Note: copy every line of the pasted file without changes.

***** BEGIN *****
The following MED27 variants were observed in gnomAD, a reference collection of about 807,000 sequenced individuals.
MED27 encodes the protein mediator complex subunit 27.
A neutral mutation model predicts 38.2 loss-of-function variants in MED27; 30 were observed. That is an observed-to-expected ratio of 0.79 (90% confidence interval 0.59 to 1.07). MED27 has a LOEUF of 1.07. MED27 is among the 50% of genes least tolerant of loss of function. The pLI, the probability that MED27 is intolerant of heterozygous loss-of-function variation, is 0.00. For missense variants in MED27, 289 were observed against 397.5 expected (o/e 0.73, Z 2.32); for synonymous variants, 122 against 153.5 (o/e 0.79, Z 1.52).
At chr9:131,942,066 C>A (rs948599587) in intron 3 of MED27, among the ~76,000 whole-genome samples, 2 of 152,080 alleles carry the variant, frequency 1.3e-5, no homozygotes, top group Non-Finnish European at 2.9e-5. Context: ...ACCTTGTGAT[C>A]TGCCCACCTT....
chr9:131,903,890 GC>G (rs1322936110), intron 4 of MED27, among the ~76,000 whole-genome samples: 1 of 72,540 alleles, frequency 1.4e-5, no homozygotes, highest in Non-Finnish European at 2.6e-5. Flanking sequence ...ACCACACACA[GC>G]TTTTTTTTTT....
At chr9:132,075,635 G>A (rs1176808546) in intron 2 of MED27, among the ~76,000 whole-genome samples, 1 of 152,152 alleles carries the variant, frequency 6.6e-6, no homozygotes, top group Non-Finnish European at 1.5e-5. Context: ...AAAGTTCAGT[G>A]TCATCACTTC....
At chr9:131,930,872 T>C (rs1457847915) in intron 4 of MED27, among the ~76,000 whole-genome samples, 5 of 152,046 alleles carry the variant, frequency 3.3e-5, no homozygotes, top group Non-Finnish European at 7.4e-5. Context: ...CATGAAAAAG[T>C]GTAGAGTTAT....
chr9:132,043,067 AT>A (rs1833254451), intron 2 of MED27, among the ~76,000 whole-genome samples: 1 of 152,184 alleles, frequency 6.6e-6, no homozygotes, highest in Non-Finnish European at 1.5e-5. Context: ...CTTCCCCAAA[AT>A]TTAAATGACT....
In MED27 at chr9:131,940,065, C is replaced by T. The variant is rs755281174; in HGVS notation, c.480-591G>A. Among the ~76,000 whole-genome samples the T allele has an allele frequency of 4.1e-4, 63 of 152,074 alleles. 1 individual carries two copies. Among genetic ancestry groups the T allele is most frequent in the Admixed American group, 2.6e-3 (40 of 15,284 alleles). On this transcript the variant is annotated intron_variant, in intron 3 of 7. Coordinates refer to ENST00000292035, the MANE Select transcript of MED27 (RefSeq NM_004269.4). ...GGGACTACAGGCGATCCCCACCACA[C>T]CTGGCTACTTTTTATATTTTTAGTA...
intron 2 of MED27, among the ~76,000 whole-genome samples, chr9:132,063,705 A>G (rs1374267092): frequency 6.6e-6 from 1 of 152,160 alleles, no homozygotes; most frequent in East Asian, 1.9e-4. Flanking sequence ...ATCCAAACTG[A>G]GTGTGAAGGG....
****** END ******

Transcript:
The following MED27 variants were observed in gnomAD, a reference collection of about 807,000 sequenced individuals.
MED27 encodes the protein mediator complex subunit 27.
A neutral mutation model predicts 38.2 loss-of-function variants in MED27; 30 were observed. That is an observed-to-expected ratio of 0.79 (90% confidence interval 0.59 to 1.07). MED27 has a LOEUF of 1.07. MED27 is among the 50% of genes least tolerant of loss of function. The pLI, the probability that MED27 is intolerant of heterozygous loss-of-function variation, is 0.00. For missense variants in MED27, 289 were observed against 397.5 expected (o/e 0.73, Z 2.32); for synonymous variants, 122 against 153.5 (o/e 0.79, Z 1.52).
At chr9:131,942,066 C>A (rs948599587) in intron 3 of MED27, among the ~76,000 whole-genome samples, 2 of 152,080 alleles carry the variant, frequency 1.3e-5, no homozygotes, top group Non-Finnish European at 2.9e-5. Context: ...ACCTTGTGAT[C>A]TGCCCACCTT....
chr9:131,903,890 GC>G (rs1322936110), intron 4 of MED27, among the ~76,000 whole-genome samples: 1 of 72,540 alleles, frequency 1.4e-5, no homozygotes, highest in Non-Finnish European at 2.6e-5. Flanking sequence ...ACCACACACA[GC>G]TTTTTTTTTT....
At chr9:132,075,635 G>A (rs1176808546) in intron 2 of MED27, among the ~76,000 whole-genome samples, 1 of 152,152 alleles carries the variant, frequency 6.6e-6, no homozygotes, top group Non-Finnish European at 1.5e-5. Context: ...AAAGTTCAGT[G>A]TCATCACTTC....
At chr9:131,930,872 T>C (rs1457847915) in intron 4 of MED27, among the ~76,000 whole-genome samples, 5 of 152,046 alleles carry the variant, frequency 3.3e-5, no homozygotes, top group Non-Finnish European at 7.4e-5. Context: ...CATGAAAAAG[T>C]GTAGAGTTAT....
chr9:132,043,067 AT>A (rs1833254451), intron 2 of MED27, among the ~76,000 whole-genome samples: 1 of 152,184 alleles, frequency 6.6e-6, no homozygotes, highest in Non-Finnish European at 1.5e-5. Context: ...CTTCCCCAAA[AT>A]TTAAATGACT....
In MED27 at chr9:131,940,065, C is replaced by T. The variant is rs755281174; in HGVS notation, c.480-591G>A. Among the ~76,000 whole-genome samples the T allele has an allele frequency of 4.1e-4, 63 of 152,074 alleles. 1 individual carries two copies. Among genetic ancestry groups the T allele is most frequent in the Admixed American group, 2.6e-3 (40 of 15,284 alleles). On this transcript the variant is annotated intron_variant, in intron 3 of 7. Coordinates refer to ENST00000292035, the MANE Select transcript of MED27 (RefSeq NM_004269.4). ...GGGACTACAGGCGATCCCCACCACA[C>T]CTGGCTACTTTTTATATTTTTAGTA...
intron 2 of MED27, among the ~76,000 whole-genome samples, chr9:132,063,705 A>G (rs1374267092): frequency 6.6e-6 from 1 of 152,160 alleles, no homozygotes; most frequent in East Asian, 1.9e-4. Flanking sequence ...ATCCAAACTG[A>G]GTGTGAAGGG....